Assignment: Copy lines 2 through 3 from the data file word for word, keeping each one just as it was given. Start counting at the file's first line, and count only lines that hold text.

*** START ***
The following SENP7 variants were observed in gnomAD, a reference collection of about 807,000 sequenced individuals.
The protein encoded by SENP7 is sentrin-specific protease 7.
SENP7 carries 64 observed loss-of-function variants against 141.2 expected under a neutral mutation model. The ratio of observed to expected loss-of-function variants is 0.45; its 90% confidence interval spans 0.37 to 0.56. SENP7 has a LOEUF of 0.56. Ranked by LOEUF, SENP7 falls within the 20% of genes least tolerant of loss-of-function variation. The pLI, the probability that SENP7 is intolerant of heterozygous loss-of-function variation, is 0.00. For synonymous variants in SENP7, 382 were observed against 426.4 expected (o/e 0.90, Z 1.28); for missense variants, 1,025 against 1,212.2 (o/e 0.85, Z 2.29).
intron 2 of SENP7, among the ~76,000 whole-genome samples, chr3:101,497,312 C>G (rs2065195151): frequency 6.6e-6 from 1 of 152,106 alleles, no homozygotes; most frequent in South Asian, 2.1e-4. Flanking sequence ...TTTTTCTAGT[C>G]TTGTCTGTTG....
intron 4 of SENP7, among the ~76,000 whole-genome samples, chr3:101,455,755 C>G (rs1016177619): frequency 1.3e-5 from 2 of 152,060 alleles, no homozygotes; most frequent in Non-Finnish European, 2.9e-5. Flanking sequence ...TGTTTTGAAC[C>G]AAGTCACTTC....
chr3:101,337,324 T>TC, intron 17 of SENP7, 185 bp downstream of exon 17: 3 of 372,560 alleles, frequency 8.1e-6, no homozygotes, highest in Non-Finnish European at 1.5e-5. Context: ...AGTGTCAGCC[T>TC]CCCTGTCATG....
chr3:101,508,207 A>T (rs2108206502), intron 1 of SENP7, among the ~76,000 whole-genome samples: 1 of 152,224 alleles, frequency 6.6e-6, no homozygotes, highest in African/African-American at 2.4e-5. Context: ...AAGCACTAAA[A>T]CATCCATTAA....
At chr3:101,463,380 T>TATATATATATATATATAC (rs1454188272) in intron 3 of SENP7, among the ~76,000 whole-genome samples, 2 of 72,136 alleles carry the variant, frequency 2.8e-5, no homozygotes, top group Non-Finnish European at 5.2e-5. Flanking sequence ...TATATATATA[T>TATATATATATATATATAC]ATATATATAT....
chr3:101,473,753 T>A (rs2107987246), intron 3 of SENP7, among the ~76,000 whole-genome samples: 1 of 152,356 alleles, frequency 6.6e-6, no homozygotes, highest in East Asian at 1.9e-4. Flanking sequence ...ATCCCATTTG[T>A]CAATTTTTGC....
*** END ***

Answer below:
The protein encoded by SENP7 is sentrin-specific protease 7.
SENP7 carries 64 observed loss-of-function variants against 141.2 expected under a neutral mutation model. The ratio of observed to expected loss-of-function variants is 0.45; its 90% confidence interval spans 0.37 to 0.56. SENP7 has a LOEUF of 0.56. Ranked by LOEUF, SENP7 falls within the 20% of genes least tolerant of loss-of-function variation. The pLI, the probability that SENP7 is intolerant of heterozygous loss-of-function variation, is 0.00. For synonymous variants in SENP7, 382 were observed against 426.4 expected (o/e 0.90, Z 1.28); for missense variants, 1,025 against 1,212.2 (o/e 0.85, Z 2.29).